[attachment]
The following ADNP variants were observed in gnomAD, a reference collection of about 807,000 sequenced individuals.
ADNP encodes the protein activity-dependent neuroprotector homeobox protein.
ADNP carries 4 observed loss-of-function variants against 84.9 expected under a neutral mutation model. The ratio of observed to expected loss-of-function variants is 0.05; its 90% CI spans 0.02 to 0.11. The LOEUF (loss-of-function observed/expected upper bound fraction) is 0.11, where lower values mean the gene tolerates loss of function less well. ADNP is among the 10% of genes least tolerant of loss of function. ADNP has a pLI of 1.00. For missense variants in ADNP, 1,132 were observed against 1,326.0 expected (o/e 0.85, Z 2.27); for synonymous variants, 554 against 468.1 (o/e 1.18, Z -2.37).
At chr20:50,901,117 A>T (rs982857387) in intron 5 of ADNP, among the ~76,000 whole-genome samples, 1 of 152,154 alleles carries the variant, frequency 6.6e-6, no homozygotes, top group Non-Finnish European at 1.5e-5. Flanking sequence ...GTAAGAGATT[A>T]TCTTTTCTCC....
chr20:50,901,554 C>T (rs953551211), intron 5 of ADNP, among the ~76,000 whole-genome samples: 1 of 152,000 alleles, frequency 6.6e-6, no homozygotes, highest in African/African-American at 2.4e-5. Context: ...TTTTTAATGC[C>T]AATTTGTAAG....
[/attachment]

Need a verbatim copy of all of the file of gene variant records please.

The following ADNP variants were observed in gnomAD, a reference collection of about 807,000 sequenced individuals.
ADNP encodes the protein activity-dependent neuroprotector homeobox protein.
ADNP carries 4 observed loss-of-function variants against 84.9 expected under a neutral mutation model. The ratio of observed to expected loss-of-function variants is 0.05; its 90% CI spans 0.02 to 0.11. The LOEUF (loss-of-function observed/expected upper bound fraction) is 0.11, where lower values mean the gene tolerates loss of function less well. ADNP is among the 10% of genes least tolerant of loss of function. ADNP has a pLI of 1.00. For missense variants in ADNP, 1,132 were observed against 1,326.0 expected (o/e 0.85, Z 2.27); for synonymous variants, 554 against 468.1 (o/e 1.18, Z -2.37).
At chr20:50,901,117 A>T (rs982857387) in intron 5 of ADNP, among the ~76,000 whole-genome samples, 1 of 152,154 alleles carries the variant, frequency 6.6e-6, no homozygotes, top group Non-Finnish European at 1.5e-5. Flanking sequence ...GTAAGAGATT[A>T]TCTTTTCTCC....
chr20:50,901,554 C>T (rs953551211), intron 5 of ADNP, among the ~76,000 whole-genome samples: 1 of 152,000 alleles, frequency 6.6e-6, no homozygotes, highest in African/African-American at 2.4e-5. Context: ...TTTTTAATGC[C>T]AATTTGTAAG....